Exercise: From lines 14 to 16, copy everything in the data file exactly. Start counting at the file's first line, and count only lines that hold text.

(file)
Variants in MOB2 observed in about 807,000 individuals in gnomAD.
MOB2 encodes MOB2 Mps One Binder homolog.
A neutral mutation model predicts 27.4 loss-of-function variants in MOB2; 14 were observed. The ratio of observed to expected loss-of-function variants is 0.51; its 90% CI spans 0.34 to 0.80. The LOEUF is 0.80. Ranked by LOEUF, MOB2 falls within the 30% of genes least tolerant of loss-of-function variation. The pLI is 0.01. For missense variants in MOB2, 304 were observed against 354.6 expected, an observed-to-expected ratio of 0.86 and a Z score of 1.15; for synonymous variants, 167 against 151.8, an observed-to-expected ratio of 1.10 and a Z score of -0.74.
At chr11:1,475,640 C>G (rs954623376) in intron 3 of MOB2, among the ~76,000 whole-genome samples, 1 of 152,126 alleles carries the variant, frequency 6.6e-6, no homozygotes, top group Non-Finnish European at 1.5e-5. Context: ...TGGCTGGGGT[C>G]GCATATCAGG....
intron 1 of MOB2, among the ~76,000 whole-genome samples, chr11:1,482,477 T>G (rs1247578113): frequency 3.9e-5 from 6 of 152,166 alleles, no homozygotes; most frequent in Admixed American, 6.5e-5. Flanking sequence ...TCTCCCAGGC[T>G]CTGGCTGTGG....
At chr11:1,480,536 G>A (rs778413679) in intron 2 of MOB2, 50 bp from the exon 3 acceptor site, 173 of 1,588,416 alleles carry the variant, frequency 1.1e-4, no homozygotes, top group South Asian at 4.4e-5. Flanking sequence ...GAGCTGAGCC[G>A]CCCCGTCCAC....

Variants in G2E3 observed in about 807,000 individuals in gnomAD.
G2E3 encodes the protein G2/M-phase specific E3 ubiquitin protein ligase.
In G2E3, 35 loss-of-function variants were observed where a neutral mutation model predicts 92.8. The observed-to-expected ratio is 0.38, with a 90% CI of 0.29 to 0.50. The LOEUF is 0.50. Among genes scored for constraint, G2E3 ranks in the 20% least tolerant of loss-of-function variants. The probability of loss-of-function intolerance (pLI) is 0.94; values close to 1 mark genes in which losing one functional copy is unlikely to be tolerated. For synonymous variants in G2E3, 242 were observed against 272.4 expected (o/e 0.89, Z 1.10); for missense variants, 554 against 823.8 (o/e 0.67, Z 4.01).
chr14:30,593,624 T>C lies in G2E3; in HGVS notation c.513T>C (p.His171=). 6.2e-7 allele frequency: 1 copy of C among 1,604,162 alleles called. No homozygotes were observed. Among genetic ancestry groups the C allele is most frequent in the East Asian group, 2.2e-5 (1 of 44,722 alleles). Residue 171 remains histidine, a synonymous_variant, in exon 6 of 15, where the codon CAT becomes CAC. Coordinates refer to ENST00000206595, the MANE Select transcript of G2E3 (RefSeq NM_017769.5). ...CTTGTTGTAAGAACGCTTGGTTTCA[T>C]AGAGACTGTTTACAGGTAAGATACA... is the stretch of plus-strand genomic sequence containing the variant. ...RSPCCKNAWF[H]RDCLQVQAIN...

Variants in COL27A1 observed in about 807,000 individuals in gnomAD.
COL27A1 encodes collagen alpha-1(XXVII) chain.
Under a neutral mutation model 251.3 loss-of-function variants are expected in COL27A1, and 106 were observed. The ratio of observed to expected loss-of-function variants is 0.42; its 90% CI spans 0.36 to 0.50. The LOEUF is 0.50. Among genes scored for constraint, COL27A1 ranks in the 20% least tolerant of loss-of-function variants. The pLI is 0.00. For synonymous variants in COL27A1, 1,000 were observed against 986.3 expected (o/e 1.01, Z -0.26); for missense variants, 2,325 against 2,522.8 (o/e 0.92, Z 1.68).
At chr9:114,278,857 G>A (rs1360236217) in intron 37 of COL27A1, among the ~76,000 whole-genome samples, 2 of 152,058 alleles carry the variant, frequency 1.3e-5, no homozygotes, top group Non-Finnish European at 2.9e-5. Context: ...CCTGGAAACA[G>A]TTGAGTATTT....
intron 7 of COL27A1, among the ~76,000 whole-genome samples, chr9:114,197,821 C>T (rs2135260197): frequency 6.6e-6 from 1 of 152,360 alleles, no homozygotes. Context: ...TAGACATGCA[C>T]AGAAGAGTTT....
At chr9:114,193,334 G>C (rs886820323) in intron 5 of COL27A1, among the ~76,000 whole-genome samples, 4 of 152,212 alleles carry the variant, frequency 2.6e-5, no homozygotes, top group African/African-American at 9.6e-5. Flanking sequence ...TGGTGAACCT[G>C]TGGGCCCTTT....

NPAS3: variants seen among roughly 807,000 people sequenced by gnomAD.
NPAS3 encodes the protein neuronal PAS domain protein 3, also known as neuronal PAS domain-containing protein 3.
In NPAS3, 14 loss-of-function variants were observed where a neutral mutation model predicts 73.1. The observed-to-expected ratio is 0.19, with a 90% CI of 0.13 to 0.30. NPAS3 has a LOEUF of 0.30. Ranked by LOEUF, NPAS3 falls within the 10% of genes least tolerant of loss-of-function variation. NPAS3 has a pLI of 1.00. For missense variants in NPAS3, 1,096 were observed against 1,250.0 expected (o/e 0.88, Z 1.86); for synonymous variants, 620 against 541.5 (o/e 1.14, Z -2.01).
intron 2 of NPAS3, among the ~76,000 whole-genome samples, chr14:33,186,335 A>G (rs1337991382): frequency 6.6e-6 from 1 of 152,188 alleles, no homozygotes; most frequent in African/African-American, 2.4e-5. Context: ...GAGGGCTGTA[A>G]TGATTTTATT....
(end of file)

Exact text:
At chr9:114,278,857 G>A (rs1360236217) in intron 37 of COL27A1, among the ~76,000 whole-genome samples, 2 of 152,058 alleles carry the variant, frequency 1.3e-5, no homozygotes, top group Non-Finnish European at 2.9e-5. Context: ...CCTGGAAACA[G>A]TTGAGTATTT....
intron 7 of COL27A1, among the ~76,000 whole-genome samples, chr9:114,197,821 C>T (rs2135260197): frequency 6.6e-6 from 1 of 152,360 alleles, no homozygotes. Context: ...TAGACATGCA[C>T]AGAAGAGTTT....
At chr9:114,193,334 G>C (rs886820323) in intron 5 of COL27A1, among the ~76,000 whole-genome samples, 4 of 152,212 alleles carry the variant, frequency 2.6e-5, no homozygotes, top group African/African-American at 9.6e-5. Flanking sequence ...TGGTGAACCT[G>C]TGGGCCCTTT....